Intro to the Apostolic Fathers (100 A.D. – 200 A.D.)

The Apostolic Fathers are those who sat underneath the teaching of the Apostles, the first generation after Paul, Peter, John, and the rest of them died. So, what can we learn from these? Quite a lot about the context of early Christianity.

Books & Writings of the Apostolic Fathers

At least a couple-hundred books (both good and bad), were written after the New Testament that we still have (for instance, the website Early Christian Writings links to about two-hundred or so of them).

So, below are some of the best written by whom we call the ‘Apostolic Fathers’ – these are substantive, wholesome books, even though we do not ascribe infallibility nor inerrancy to them. Even though we know their books aren’t Scripture, they do provide critical insight into how first-century Christians, those closest to the Apostles actually thought, understood, and built upon, the Gospel message.

For instance, Athanasius mentions, both Didache and the Shepherd of Hermas as positive books to read, but as non-canonical, in Festal Letter 39 – written around 367 A.D. A lot of the time, these texts are simply citing Scripture – if you read these in order, you will the Didache notice simply builds upon what Christians know as 1 John and the Gospel of Matthew – Clement cites plenty of texts, and sounds almost exactly the same as the Letter to the Hebrews at points.

So as follows is a list, in the order I would recommend trying to read them (though you obviously have the freedom to bounce around if you so choose).1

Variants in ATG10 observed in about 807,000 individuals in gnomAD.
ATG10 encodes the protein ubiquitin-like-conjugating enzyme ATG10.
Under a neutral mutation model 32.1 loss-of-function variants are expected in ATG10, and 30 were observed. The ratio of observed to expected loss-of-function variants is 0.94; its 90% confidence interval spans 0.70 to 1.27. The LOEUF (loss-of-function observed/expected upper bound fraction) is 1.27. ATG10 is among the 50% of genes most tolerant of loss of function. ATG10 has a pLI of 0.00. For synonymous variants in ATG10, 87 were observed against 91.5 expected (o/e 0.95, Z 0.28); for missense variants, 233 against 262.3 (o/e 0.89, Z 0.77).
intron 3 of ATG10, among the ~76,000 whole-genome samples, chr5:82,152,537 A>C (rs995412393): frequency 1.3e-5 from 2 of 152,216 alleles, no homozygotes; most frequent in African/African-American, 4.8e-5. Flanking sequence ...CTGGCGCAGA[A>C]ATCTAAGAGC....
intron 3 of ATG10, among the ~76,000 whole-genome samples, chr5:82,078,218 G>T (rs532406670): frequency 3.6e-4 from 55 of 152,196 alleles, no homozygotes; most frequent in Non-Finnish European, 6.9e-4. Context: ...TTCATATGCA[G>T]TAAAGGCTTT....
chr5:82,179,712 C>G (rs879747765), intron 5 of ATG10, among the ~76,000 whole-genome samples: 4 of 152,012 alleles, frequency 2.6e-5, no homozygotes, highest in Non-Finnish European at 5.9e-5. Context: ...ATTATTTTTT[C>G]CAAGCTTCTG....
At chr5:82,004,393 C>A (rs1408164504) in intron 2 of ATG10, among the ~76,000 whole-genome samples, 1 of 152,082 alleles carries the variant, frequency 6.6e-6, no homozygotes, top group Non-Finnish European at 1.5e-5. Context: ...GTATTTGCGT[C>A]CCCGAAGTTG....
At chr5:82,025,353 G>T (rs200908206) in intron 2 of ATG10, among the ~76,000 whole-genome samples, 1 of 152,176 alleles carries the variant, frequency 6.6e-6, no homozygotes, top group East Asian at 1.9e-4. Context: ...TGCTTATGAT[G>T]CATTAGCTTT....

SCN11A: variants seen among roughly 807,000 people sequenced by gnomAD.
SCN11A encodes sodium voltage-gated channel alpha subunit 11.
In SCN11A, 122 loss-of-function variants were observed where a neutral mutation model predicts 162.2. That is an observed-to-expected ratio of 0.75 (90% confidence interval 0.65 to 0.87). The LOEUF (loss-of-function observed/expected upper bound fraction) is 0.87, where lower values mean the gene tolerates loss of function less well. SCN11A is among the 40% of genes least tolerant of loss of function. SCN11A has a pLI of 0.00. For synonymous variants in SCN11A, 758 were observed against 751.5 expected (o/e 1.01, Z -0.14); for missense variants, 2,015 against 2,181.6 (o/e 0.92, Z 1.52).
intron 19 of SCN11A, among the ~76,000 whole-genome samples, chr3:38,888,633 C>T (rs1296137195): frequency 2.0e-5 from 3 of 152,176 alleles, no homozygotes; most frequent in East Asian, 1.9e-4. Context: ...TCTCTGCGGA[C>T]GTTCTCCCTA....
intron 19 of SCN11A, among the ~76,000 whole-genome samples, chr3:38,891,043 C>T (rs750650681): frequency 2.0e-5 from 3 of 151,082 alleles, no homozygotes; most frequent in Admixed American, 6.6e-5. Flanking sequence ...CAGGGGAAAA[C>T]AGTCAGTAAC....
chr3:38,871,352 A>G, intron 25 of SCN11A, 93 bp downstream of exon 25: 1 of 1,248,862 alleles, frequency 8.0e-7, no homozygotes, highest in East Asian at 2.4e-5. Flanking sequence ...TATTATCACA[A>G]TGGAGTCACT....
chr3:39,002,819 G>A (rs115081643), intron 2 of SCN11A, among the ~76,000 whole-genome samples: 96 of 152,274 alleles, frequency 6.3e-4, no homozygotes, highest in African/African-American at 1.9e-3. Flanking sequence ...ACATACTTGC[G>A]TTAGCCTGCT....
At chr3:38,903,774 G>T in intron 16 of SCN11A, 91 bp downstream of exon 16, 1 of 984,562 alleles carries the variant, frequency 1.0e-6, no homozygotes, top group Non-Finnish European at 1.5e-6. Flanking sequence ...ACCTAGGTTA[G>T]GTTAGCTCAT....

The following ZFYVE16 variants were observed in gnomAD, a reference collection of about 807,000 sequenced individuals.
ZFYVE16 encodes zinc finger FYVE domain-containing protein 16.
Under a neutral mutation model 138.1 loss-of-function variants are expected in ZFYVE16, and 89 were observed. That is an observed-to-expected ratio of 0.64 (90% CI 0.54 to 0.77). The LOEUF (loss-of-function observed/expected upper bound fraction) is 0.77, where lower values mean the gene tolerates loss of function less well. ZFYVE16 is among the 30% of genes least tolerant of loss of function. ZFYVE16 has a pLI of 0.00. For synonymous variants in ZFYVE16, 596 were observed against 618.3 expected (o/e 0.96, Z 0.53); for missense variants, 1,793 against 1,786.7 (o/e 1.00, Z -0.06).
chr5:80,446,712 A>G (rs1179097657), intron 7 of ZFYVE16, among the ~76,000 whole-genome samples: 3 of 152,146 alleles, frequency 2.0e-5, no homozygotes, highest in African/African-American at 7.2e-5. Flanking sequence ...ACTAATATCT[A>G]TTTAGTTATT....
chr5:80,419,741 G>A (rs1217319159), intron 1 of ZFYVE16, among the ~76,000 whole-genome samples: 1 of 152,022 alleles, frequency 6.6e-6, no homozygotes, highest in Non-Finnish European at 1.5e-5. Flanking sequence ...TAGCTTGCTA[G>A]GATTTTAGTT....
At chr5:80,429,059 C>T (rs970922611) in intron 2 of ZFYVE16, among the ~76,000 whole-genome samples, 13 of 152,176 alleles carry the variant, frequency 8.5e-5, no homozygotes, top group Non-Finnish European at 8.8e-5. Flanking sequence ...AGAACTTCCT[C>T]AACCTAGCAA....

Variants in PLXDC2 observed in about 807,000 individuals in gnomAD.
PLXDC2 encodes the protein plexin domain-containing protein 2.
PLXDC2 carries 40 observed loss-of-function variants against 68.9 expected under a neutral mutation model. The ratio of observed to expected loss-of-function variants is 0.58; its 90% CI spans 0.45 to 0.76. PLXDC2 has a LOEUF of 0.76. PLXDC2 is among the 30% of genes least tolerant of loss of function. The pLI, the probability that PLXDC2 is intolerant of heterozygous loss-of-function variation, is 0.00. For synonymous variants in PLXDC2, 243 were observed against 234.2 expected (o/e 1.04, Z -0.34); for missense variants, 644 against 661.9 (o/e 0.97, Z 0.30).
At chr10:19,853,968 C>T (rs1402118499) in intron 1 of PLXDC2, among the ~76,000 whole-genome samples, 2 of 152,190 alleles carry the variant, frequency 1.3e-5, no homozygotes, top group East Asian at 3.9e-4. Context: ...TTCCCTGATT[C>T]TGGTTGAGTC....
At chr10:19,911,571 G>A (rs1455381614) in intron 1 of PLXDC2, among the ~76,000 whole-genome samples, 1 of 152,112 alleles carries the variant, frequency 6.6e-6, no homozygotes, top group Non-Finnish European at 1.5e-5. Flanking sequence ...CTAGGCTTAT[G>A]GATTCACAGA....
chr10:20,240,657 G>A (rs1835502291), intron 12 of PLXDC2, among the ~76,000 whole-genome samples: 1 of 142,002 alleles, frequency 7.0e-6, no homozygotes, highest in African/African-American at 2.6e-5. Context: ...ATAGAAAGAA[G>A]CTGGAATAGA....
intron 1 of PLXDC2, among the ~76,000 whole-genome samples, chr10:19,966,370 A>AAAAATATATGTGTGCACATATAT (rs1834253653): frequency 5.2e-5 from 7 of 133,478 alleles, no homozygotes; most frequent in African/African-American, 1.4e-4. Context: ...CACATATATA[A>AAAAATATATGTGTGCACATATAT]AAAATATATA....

(1) The Didache2

(2) The Epistle to Diognetus3

(3) 1 Clement 4

(4) 2 Clement5

(5) The Seven Ignatian Epistles6

(6) Polycarp’s Letter to the Philippians7

(7) The Martyrdom of Polycarp8

(8) The Epistle of Barnabas9

(9) The Shepherd of Hermas10

(10) Fragments of Papias & Fragment of Quadratus11

An Introductory List of Apostolic Fathers

  • Clement (d. 99 A.D.): Clement may be the one written of at the end of Philippians. Rome
  • Ignatius (35-100 A.D.): A bishop and martyr who writes seven letters at the end of his life. Antioch.
  • Polycarp (69-155 A.D.): A bishop and martyr who learned from John. Smyrna.
  • Papias (70-160): Irenaeus sees he too was a hearer of John, and companion of Polycarp. Hieropolis.

Footnotes

  1. Linked to each of these is access to free translations, but I highly recommend Michael Holmes’ edition, of which I have the nice diglot version (English/Greek), but English only cheap copies are available too. I usually recommend people read them in the following order (partially based on length, to ease your when into them, but trying to follow chronological sensibilities as well)
  2. The full tittle, ‘The Teaching of the Twelve Apostles, means ‘What the Apostle’s taught’, not ‘That which was written by their hand’. Loeb Didache
  3. Full title: the Epistle of Mathetes to Diognetus c. 130 A.D.
  4. 96 A.D. (From Rome to the Corinthians)
  5. Ironically, 2nd Clement is neither a letter, nor written by Clement, but is the untitled document that followed 1st Clement in manuscripts for centuries. It is the oldest recorded, Christian sermon, other than the Letter of Hebrews in the New Testament.
  6. Ignatius lived 35-110 A.D. All these letters were written in the last month or so of his life
  7. Polycarp writes this shortly after Ignatius dies, but seems to inquire if the recipients can confirm this.
  8. c. 70 – 155 A.D.
  9. After 100 A.D, but before 132 A.D. Probably not written by Barnabas, but named in his honor.
  10. This book is purposefully allegorical.
  11. Hopefully we find full copies of these texts someday